Saturday, July 30, 2011

RIP Eugene McDaniels

Eugene McDaniels Discusses "Compared to What" [also gives thanks to the hiphoppers who sampled him]

DJ Cosmo Baker on McDaniels, from May 2010. Twenty minutes after Cosmo wrote this, he got contacted by McDaniel's publicist, to work together, which never eventuated, sadly.

"... My phenom of a brother had just brought home Eugene McDaniels freak-folk-funk power-piece “Headless Heroes Of The Apocalypse” a tour-de-force concept album that was a complete departure from music that had been heard before or since. “The Left Rev Mc D” Eugene McDaniels, hailing from Kansas City, had already become an accomplished singer and songwriter by the mid 1960s, most notably with his song “100 Pounds Of Clay.” And he saw continued success later on in life having penned such hits like Roberta Flack’s “Feel Like Making Love” – which is a song a lot of you younger folk might actually think is just a D’Angelo record but actually was a huge hit when it came out in 1975. It was a #1 hit actually, and was nominated for a Grammy for Record Of The Year, Song Of The Year and Best Female Pop Vocal Performance.

But something happened in the mid to late 60s. The Vietnam war was in full swing and people were mad disillusioned and just generally fed up with things. Out of this environment McDaniels wrote “Compared To What” which was the first song on Roberta Flack’s debut album. 

Later on that year Les McCann & Eddie Harris covered it for their “Swiss Movement” album, the recording of their performance at the Montreux Jazz Festival. The song was a runaway success, a simple protest song that took on a life of its own because it reflected the sentiments of the people and their frustrations with the direction our country was headed. And also because it was incredibly groovy. Check this video out, which after years of listening to this song, I never even knew it existed. Man is it COOKING…"

McDaniels' recorded a few solo albums for Atlantic in the early 1970s, including “Headless Heroes Of The Apocalypse.” which hit a raw nerve with the White House...

"Approaching subjects like the co-opting of black culture by white artists (“Jagger The Dagger,”) the history of American colonialism (“The Parasite,”) and racial profiling and police brutality (“Supermarket Blues,”) Mc D opened up a new door for radical subject matter in pop music. This was a door that the powers that be didn’t want opened.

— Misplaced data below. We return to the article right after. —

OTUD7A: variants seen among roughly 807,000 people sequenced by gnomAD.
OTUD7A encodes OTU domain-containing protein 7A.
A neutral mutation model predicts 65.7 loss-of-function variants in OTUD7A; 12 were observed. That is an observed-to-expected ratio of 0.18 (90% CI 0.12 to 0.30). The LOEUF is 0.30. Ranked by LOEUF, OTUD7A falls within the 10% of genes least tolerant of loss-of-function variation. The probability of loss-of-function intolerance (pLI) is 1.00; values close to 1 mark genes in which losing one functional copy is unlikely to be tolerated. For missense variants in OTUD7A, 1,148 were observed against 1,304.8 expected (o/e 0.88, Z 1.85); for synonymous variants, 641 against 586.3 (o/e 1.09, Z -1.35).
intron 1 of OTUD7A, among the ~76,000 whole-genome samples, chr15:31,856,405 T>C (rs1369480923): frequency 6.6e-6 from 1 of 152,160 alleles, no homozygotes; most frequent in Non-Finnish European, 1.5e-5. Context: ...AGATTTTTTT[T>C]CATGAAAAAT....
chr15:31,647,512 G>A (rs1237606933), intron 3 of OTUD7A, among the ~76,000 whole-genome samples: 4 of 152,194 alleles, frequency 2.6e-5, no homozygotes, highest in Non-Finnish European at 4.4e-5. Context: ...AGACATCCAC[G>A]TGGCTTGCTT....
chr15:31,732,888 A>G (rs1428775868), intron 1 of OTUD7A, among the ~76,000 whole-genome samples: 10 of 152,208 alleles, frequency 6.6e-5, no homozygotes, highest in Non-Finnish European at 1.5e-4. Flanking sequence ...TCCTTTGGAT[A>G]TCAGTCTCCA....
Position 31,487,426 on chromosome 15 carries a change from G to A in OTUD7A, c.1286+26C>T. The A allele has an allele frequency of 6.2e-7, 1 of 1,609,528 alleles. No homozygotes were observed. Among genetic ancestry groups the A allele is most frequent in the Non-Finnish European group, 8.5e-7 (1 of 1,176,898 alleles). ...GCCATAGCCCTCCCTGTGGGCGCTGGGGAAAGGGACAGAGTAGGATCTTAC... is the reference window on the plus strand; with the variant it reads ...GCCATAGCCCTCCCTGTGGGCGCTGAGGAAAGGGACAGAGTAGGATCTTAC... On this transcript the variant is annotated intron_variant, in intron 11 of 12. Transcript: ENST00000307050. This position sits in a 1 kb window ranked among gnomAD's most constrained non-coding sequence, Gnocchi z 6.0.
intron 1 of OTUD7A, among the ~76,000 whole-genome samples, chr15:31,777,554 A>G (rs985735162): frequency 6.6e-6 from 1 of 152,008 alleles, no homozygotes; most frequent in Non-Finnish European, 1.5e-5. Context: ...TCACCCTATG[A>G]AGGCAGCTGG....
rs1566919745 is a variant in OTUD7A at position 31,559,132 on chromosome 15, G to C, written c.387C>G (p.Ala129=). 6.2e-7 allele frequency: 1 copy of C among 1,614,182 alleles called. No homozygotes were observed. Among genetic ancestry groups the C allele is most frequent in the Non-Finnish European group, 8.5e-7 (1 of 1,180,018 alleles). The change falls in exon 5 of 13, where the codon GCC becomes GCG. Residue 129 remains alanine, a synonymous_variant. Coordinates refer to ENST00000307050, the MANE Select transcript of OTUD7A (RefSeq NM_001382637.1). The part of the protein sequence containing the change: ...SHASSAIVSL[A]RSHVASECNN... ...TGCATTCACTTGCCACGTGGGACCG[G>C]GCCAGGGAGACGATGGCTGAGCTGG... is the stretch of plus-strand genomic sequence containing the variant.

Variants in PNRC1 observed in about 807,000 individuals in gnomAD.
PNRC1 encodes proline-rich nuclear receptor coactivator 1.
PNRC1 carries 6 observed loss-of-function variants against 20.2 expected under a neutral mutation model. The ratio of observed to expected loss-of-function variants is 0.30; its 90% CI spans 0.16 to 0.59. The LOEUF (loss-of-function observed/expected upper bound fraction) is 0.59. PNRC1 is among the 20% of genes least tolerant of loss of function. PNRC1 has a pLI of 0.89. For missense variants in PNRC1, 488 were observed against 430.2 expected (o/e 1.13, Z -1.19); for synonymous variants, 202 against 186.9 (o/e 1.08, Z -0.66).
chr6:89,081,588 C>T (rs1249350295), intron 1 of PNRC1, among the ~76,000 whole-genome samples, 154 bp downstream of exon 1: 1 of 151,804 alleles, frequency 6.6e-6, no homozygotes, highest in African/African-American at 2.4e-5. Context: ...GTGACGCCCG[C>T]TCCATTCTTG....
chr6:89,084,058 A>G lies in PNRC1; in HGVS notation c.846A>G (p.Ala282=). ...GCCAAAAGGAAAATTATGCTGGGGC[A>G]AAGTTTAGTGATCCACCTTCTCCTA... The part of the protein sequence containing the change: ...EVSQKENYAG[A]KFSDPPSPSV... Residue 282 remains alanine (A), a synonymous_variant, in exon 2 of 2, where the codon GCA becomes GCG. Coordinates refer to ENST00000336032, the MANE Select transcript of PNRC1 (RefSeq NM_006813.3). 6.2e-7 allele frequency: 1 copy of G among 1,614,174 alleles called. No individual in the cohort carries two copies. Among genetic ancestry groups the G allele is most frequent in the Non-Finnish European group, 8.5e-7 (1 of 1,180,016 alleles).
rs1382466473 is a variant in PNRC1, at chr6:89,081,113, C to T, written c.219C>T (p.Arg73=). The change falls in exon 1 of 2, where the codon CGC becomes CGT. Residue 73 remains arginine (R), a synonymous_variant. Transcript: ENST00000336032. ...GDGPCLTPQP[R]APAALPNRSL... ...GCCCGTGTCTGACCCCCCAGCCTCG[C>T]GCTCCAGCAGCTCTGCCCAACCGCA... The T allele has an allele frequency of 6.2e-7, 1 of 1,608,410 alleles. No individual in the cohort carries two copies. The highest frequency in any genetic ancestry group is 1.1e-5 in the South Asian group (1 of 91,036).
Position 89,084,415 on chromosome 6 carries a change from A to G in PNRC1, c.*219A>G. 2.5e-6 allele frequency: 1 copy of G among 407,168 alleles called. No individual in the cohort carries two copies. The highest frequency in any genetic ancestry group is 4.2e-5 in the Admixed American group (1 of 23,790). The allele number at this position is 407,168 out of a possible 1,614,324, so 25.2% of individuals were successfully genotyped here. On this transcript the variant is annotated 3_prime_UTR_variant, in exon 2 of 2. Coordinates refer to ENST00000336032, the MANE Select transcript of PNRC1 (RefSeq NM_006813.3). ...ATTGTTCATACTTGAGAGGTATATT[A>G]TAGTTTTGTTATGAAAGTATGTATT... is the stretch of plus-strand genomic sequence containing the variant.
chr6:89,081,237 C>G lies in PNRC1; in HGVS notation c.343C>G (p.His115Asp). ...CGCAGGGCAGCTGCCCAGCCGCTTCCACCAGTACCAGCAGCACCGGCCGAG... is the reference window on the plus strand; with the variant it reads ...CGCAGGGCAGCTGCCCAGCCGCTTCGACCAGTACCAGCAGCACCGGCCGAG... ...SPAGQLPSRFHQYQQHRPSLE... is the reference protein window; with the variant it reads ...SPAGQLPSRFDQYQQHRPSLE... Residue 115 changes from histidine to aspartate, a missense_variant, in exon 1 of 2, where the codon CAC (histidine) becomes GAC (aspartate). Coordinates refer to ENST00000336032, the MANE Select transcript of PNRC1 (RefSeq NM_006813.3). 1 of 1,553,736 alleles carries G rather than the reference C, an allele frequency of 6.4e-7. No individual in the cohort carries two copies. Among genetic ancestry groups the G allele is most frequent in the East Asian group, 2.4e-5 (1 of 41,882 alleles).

Atlantic was one of the biggest record companies in the world at that time. The story is that Spiro Agnew, Vice President under Dick Nixon, personally called Ahmet & Nesuhi Ertegun, founders of Atlantic and, for the sake of not “causing public unrest” demanded that support for the album be pulled. I don’t know what happened after that but promotions immediately dried up and the album sunk like a lead balloon."

ADDED Ann Ruckert confirms : "Gene McDaniels dies".

Ring The Alarm playlist, BaseFM, July 30

Today's theme  - a whole lotta soul...

Sisters love - Give me your love
Aretha Franklin - Jump
Al Green - Can't get next to you
Rare earth - Big John is my name
Rose royce - Ooh boy
Willie Mitchell - 20-75
Linda Lyndall - What a man
Willie Kendrick - Change your ways
Billy Butler - Right track
People's choice - Let me do my thing
Brenda and the Tabulations - California soul
Black velvet - an earthquake's coming
Jean Knight - Carry on
Staple singers -Washington we're watching you
The Emotions - I like it
Myron and E with the Soul Investigators - Cold game
Raphael Saadiq - Heart attack
Sharon Jones and the Dapkings -  Mamma don't like my man
Sly and the family Stone - Thankful and thoughtful
Charles Wright and Watts 103rd st band - Loveland
Ann Sexton - You're gonna miss me
Rose royce  -Sunrise
Lee Dorsey - Operation heartache
Ike and Tina Turner - A fool in love
The service men - Are you angry
Bob Brady and the con chords - Everybody's going to the love-in
Pepperpots - Real tru love
Chosen few - Tears of a clown
Jimmy London - I'm your puppet
Delroy Wilson - Get ready 12" mix
Al Brown - Aint no love in the heart of the city
Phillis Dillion - Woman of the ghetto

... and RIP Eugene McDaniels.

Friday, July 29, 2011

Bill Cosby talks to kids about drugs

... a record intended for children to school them on the dangers of drugs through songs and dialogue. It won the Grammy Award in 1972 for Best Recording for Children. Fave moment - Bill Cosby yelling "HERE COMES THE DOPE PUSHER!" Listen to a sample off the album here. Not too hard to find copies of this album floating round the internets.

Tornadoes vs Mitsu

The Tornadoes - El Salvador "MITSU THE BEATS re-edit" (WN12019) by wonderfulnoise

Out on Japanese label Wonderful Noise, features members of the Opensouls.

Thursday, July 28, 2011

Blue Smoke is a winner

Blue Smoke, Chris Bourke's fantastic book on our musical history, won The Book Of The Year prize last night. Congratulations! See Kiwi musical history takes top award...